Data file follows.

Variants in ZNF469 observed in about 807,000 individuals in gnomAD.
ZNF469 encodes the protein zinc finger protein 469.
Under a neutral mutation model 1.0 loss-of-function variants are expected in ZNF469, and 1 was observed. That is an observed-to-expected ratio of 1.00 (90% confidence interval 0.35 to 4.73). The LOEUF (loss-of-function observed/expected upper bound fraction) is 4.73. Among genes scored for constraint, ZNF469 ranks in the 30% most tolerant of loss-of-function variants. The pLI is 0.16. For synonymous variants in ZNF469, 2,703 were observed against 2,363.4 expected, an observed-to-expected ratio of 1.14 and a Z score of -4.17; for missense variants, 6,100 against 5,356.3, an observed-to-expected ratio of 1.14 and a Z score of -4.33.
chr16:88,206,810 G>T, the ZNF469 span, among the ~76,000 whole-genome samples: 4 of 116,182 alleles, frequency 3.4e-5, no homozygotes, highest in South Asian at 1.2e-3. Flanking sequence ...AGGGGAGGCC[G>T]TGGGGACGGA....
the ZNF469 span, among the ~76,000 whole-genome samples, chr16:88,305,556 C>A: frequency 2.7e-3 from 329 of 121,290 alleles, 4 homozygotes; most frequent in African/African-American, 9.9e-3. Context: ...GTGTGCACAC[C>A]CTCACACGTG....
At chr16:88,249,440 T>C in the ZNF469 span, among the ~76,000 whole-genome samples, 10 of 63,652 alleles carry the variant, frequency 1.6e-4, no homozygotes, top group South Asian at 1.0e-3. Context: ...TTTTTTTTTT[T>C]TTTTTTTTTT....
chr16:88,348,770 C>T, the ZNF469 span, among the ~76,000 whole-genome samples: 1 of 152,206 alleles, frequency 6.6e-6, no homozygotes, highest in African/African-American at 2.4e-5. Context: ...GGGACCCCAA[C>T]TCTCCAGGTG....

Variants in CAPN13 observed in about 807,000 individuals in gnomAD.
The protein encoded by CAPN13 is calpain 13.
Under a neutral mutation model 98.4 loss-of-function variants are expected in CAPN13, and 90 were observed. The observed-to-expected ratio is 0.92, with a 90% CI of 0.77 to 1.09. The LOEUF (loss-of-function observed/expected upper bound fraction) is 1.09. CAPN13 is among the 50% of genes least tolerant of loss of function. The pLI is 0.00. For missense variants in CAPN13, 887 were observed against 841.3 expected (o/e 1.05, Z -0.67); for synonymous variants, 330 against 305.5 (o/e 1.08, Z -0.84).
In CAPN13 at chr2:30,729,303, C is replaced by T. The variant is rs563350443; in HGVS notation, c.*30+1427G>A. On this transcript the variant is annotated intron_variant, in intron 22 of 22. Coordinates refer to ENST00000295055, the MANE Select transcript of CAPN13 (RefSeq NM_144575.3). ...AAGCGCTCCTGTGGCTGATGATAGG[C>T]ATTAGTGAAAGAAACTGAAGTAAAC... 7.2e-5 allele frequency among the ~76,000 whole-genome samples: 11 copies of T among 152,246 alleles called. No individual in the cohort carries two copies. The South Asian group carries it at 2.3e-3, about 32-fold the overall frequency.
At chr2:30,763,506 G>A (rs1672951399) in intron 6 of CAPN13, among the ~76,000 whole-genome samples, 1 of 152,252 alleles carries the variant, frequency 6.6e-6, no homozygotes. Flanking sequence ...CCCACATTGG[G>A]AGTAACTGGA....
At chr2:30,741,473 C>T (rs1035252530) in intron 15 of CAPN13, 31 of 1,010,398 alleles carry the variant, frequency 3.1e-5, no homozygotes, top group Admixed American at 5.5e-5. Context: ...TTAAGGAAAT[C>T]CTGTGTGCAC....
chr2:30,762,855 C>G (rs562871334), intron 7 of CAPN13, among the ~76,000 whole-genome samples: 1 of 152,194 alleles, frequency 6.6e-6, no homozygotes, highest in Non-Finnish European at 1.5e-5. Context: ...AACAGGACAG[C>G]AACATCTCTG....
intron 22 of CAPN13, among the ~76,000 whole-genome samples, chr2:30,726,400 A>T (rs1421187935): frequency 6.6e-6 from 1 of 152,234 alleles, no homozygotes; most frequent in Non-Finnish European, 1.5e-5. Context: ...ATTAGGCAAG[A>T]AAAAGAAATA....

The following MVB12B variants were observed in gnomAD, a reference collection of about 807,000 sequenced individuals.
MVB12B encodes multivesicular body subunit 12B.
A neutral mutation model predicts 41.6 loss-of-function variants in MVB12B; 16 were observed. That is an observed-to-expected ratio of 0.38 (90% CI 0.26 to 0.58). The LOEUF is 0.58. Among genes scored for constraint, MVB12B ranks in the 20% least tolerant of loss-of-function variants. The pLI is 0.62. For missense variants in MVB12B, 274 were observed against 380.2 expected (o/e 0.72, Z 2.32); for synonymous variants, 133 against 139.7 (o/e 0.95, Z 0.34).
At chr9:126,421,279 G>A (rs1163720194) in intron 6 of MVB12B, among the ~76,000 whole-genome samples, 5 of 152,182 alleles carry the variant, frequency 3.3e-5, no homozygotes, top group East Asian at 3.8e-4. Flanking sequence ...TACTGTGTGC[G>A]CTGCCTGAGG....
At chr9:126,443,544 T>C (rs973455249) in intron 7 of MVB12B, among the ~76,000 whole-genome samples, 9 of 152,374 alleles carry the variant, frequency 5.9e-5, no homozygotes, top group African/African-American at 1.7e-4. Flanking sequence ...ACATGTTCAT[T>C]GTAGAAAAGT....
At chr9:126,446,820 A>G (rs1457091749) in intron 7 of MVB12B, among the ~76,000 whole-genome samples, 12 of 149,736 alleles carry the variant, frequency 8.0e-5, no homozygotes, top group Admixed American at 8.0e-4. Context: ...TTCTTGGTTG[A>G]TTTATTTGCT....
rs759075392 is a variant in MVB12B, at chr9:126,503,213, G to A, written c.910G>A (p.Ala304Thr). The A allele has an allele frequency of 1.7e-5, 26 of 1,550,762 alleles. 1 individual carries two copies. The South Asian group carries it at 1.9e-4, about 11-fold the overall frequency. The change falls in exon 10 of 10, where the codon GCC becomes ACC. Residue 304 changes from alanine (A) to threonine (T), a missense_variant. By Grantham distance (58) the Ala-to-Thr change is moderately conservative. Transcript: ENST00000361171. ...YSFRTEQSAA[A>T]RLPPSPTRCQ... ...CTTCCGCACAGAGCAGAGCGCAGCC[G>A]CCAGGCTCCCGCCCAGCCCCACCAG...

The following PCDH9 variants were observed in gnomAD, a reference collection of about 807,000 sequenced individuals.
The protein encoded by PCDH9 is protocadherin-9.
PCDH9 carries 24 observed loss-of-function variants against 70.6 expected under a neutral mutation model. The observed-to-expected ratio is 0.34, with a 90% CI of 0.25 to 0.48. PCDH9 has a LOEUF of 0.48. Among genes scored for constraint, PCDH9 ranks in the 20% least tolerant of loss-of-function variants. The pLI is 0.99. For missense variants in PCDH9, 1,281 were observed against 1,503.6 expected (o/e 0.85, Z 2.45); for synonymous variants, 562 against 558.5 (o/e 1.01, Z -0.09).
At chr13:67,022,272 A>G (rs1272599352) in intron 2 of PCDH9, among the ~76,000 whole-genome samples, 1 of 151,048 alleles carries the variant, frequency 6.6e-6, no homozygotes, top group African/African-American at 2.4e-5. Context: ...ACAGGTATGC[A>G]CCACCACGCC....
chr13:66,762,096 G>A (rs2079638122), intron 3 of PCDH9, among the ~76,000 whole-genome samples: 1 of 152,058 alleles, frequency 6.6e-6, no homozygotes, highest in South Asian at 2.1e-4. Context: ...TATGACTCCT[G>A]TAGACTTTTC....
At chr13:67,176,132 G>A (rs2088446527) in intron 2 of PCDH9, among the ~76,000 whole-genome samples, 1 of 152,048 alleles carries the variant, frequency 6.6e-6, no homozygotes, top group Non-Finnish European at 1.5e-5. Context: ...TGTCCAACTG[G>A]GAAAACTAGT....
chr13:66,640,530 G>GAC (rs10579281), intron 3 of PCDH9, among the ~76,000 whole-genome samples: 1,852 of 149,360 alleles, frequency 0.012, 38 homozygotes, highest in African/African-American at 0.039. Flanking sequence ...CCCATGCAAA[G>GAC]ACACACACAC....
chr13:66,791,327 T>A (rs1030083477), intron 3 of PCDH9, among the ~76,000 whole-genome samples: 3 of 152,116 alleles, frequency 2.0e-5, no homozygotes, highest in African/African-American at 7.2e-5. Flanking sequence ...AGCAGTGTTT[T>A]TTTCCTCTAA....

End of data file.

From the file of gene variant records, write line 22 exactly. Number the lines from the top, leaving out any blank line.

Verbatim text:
rs759075392 is a variant in MVB12B, at chr9:126,503,213, G to A, written c.910G>A (p.Ala304Thr). The A allele has an allele frequency of 1.7e-5, 26 of 1,550,762 alleles. 1 individual carries two copies. The South Asian group carries it at 1.9e-4, about 11-fold the overall frequency. The change falls in exon 10 of 10, where the codon GCC becomes ACC. Residue 304 changes from alanine (A) to threonine (T), a missense_variant. By Grantham distance (58) the Ala-to-Thr change is moderately conservative. Transcript: ENST00000361171. ...YSFRTEQSAA[A>T]RLPPSPTRCQ... ...CTTCCGCACAGAGCAGAGCGCAGCC[G>A]CCAGGCTCCCGCCCAGCCCCACCAG...